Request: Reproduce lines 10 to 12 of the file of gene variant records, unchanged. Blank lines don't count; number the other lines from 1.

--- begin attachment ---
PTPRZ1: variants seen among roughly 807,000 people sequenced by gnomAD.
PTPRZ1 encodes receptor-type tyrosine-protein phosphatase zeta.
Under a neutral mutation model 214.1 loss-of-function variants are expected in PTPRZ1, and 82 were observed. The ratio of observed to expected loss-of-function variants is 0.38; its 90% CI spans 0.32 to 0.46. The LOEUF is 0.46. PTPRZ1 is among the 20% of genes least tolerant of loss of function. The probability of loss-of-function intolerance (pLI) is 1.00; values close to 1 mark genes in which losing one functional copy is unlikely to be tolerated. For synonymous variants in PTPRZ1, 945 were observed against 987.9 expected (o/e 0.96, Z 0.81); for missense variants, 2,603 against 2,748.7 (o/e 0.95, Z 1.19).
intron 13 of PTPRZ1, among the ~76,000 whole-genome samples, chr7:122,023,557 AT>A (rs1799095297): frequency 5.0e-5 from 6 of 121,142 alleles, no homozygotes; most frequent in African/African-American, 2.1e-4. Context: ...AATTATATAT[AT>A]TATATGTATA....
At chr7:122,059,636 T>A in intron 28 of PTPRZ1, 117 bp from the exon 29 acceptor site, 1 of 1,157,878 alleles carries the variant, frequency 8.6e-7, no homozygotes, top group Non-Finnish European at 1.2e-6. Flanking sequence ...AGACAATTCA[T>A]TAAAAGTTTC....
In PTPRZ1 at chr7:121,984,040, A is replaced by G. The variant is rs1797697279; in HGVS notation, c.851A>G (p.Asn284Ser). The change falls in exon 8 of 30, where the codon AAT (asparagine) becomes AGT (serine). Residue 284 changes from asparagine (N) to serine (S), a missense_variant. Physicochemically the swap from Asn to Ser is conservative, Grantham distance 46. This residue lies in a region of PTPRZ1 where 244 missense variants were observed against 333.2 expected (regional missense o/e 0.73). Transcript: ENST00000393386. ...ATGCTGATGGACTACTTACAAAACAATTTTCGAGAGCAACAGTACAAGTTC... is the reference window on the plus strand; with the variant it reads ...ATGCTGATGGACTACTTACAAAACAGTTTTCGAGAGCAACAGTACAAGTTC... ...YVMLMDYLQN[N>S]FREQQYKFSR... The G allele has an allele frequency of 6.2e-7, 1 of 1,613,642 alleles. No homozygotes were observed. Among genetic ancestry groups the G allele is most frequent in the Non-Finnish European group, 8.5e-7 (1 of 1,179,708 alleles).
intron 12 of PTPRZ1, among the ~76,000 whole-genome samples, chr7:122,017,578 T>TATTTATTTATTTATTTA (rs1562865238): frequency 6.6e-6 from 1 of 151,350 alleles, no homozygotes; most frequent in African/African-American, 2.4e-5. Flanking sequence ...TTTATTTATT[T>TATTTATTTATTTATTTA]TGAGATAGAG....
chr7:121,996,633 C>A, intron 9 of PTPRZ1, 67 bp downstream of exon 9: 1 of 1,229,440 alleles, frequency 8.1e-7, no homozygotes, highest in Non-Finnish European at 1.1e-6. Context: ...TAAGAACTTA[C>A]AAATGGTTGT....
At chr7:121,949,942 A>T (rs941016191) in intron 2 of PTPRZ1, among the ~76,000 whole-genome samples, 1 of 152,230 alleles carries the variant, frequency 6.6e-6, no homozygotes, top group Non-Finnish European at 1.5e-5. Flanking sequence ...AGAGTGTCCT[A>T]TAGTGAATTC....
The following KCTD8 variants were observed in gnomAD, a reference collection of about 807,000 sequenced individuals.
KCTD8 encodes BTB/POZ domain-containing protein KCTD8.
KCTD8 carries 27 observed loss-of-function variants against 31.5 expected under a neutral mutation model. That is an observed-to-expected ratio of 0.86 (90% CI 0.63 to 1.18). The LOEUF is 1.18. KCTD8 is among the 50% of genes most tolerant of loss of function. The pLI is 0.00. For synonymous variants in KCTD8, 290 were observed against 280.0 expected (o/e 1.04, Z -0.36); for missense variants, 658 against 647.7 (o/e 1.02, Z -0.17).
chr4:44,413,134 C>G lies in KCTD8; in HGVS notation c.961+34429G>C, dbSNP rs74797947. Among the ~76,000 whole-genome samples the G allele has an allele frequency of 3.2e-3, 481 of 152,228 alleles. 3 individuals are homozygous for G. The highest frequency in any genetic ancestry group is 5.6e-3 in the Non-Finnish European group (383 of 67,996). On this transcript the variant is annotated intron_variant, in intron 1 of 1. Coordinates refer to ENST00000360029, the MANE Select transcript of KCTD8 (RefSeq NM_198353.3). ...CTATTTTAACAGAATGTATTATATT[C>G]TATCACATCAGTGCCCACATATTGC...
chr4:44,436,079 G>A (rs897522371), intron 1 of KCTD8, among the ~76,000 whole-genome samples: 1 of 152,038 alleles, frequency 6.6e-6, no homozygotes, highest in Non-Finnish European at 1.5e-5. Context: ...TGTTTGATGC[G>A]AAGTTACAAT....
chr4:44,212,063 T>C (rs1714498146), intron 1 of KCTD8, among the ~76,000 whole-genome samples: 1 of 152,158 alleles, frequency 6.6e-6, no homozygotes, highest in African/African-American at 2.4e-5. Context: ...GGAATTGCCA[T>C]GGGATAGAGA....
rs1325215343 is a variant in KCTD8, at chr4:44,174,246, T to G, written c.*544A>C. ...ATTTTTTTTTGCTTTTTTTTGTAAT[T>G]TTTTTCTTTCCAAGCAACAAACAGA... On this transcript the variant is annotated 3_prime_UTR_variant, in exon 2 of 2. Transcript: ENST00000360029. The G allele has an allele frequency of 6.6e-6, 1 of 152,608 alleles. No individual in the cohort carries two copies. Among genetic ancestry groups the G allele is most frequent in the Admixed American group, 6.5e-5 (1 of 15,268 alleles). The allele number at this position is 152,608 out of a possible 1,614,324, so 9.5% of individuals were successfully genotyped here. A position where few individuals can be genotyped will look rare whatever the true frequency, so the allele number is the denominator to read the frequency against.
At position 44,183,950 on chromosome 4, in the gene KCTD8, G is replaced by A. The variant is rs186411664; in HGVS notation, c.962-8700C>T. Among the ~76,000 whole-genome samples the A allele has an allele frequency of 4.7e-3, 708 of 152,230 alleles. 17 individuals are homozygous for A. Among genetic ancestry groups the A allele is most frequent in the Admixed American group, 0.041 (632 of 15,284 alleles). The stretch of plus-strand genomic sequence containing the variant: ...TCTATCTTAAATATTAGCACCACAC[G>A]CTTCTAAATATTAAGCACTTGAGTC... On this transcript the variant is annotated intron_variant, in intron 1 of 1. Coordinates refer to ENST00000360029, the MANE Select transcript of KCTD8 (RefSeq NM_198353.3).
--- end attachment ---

The following KCTD8 variants were observed in gnomAD, a reference collection of about 807,000 sequenced individuals.
KCTD8 encodes BTB/POZ domain-containing protein KCTD8.
KCTD8 carries 27 observed loss-of-function variants against 31.5 expected under a neutral mutation model. That is an observed-to-expected ratio of 0.86 (90% CI 0.63 to 1.18). The LOEUF is 1.18. KCTD8 is among the 50% of genes most tolerant of loss of function. The pLI is 0.00. For synonymous variants in KCTD8, 290 were observed against 280.0 expected (o/e 1.04, Z -0.36); for missense variants, 658 against 647.7 (o/e 1.02, Z -0.17).